The (Heterogenous) Economic Effects of Private Equity Buyouts
IWH Discussion Papers,
The effects of private equity buyouts on employment, productivity, and job reallocation vary tremendously with macroeconomic and credit conditions, across private equity groups, and by type of buyout. We reach this conclusion by examining the most extensive database of U.S. buyouts ever compiled, encompassing thousands of buyout targets from 1980 to 2013 and millions of control firms. Employment shrinks 13% over two years after buyouts of publicly listed firms – on average, and relative to control firms – but expands 13% after buyouts of privately held firms. Post-buyout productivity gains at target firms are large on average and much larger yet for deals executed amidst tight credit conditions. A post-buyout tightening of credit conditions or slowing of GDP growth curtails employment growth and intra-firm job reallocation at target firms. We also show that buyout effects differ across the private equity groups that sponsor buyouts, and these differences persist over time at the group level. Rapid upscaling in deal flow at the group level brings lower employment growth at target firms.
Why is Unemployment so Countercyclical?
Review of Economic Dynamics,
We argue that wage inertia plays a pivotal role in allowing empirically plausible variants of the standard search and matching model to account for the large countercyclical response of unemployment to shocks.
Expectation Formation, Financial Frictions, and Forecasting Performance of Dynamic Stochastic General Equilibrium Models
Historical Social Research,
Special Issue: Governing by Numbers
In this paper, we document the forecasting performance of estimated basic dynamic stochastic general equilibrium (DSGE) models and compare this to extended versions which consider alternative expectation formation assumptions and financial frictions. We also show how standard model features, such as price and wage rigidities, contribute to forecasting performance. It turns out that neither alternative expectation formation behaviour nor financial frictions can systematically increase the forecasting performance of basic DSGE models. Financial frictions improve forecasts only during periods of financial crises. However, traditional price and wage rigidities systematically help to increase the forecasting performance.
Are there Business Cycles “beyond GDP“? Alternative Measures to GDP at Business Cycle Frequencies
Applied Economics Quarterly,
We discuss properties of alternatives or complements to GDP as a measure of welfare at business cycle frequencies. Our results imply that the suggested indicators show practically no cycle at all and their methodologies can be questioned. First, data are not available at an appropriate quality and frequency. Second, the suggested time series sometimes correlate negatively with each other. Third, cross-section and quasi-panel evidence based on different samples of countries reveals no impact of the stance of the business cycle on some suggested welfare measures. Therefore, alternative welfare measures do not show an equal picture on business cycle frequencies compared to GDP-based measures.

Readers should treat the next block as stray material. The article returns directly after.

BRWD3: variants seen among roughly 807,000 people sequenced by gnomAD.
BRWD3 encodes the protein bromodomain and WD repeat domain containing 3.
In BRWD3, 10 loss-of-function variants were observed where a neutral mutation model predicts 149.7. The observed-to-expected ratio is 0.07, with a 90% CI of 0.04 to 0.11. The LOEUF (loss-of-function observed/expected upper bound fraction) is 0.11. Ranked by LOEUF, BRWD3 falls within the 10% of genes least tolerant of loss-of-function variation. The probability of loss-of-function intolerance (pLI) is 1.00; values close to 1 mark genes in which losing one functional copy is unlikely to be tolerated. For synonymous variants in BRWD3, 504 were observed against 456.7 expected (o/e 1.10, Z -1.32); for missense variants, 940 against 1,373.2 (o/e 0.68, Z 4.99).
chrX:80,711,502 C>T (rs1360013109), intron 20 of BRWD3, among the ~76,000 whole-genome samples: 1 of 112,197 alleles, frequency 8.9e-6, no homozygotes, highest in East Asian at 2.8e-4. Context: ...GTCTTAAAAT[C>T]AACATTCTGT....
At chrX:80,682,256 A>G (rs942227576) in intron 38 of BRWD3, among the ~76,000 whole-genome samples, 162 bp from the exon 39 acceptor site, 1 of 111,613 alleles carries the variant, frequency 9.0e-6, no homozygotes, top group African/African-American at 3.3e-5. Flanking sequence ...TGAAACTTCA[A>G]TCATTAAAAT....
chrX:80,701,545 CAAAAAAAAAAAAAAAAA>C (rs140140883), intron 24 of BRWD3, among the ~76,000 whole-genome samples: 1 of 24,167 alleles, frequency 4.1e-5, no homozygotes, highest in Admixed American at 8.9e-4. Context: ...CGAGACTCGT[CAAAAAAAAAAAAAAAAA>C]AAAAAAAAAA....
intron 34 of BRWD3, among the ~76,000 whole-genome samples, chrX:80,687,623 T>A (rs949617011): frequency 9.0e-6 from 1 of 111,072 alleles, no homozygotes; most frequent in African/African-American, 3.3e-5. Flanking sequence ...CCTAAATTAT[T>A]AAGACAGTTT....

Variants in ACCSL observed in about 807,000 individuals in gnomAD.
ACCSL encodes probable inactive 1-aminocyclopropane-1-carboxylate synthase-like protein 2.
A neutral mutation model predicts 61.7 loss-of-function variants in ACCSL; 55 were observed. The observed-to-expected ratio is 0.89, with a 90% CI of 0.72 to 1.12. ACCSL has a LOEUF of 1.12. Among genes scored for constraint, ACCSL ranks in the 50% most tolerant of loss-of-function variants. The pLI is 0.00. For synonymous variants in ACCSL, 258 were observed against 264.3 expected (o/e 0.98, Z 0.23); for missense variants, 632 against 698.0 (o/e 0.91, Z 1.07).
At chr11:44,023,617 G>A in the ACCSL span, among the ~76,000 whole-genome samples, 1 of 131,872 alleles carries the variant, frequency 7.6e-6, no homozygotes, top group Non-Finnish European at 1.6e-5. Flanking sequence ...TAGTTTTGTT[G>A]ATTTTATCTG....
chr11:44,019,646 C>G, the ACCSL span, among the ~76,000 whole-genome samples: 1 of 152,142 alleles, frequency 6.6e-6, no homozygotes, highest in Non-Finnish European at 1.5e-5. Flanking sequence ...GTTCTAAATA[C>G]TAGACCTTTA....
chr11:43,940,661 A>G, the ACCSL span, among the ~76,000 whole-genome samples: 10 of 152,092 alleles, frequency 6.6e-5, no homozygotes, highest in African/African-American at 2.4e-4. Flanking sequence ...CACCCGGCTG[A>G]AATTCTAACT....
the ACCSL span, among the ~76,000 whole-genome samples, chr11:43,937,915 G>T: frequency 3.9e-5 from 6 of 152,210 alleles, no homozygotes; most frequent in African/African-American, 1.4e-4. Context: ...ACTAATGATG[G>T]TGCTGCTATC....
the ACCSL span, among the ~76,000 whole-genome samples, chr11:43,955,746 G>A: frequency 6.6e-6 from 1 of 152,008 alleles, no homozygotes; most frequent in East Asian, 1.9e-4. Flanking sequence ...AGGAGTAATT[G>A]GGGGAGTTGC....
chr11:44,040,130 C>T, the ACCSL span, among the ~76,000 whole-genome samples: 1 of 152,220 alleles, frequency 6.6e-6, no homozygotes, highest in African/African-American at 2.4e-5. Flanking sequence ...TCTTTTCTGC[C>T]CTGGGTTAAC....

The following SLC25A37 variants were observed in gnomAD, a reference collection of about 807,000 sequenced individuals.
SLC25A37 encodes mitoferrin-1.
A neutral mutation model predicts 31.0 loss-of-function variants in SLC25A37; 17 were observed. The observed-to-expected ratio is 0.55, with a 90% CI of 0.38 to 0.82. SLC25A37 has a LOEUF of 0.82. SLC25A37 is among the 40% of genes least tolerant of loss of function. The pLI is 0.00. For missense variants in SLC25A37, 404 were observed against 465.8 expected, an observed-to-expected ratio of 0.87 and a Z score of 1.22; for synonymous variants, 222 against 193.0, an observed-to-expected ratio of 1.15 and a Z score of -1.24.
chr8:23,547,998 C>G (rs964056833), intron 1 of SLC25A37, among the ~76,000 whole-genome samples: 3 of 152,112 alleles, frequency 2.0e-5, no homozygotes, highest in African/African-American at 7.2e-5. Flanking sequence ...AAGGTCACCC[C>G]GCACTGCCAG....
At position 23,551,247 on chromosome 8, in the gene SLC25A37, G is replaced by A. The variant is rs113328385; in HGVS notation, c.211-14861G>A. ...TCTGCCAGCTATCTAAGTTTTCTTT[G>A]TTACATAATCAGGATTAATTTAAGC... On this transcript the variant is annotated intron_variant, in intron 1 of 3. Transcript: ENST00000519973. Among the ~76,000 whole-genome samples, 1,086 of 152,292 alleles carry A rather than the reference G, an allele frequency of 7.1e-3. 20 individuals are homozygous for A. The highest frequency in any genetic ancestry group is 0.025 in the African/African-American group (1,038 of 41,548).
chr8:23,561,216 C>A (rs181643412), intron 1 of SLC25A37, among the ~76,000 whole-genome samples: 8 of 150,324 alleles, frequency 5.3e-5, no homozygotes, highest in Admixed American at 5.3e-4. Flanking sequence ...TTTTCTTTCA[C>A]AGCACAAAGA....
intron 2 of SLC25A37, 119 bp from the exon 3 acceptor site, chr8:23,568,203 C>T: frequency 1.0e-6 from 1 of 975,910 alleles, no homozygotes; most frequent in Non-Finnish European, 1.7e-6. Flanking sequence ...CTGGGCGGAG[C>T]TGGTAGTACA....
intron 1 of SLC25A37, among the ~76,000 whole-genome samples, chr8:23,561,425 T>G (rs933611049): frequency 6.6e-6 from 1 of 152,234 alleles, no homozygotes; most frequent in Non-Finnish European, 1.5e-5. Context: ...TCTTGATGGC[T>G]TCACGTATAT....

Understanding the Great Recession
American Economic Journal: Macroeconomics,
We argue that the vast bulk of movements in aggregate real economic activity during the Great Recession were due to financial frictions. We reach this conclusion by looking through the lens of an estimated New Keynesian model in which firms face moderate degrees of price rigidities, no nominal rigidities in wages, and a binding zero lower bound constraint on the nominal interest rate. Our model does a good job of accounting for the joint behavior of labor and goods markets, as well as inflation, during the Great Recession. According to the model the observed fall in total factor productivity and the rise in the cost of working capital played critical roles in accounting for the small drop in inflation that occurred during the Great Recession.
Konjunkturelle Effekte des Ölpreisfalls in den Jahren 2014 bis 2016
Wirtschaftskammer Österreich: Wirtschaftspolitische Blätter,
Der Ölpreis ist seit der Mitte des Jahres 2014 deutlich gesunken. Die konjunkturellen Effekte von Ölpreisänderungen hängen davon ab, ob nachfrageseitige oder angebotsseitige Ursachen die Preisänderung auslösen. Im vorliegenden Beitrag wird der Ölpreisrückgang seit Mitte des Jahres 2014 in eine konjunkturelle und eine ölmarktspezifische Komponente zerlegt. Anschließend wird mit dem internationalen Konjunkturmodell des IWH analysiert, welchen Beitrag der Ölpreisrückgang zur konjunkturellen Entwicklung seit Mitte des Jahres 2014 geleistet hat und welche Effekte bis zum Ende des Jahres 2016 noch zu erwarten sind. Es werden sowohl ölexportierende (Russland) als auch ölimportierende Länder (G7-Länder und Österreich) betrachtet. Das Bruttoinlandsprodukt wird im betrachteten Länderkreis in den USA und in Japan am stärksten stimuliert, während der Ölpreisfall in Russland das Bruttoinlandsprodukt deutlich dämpft.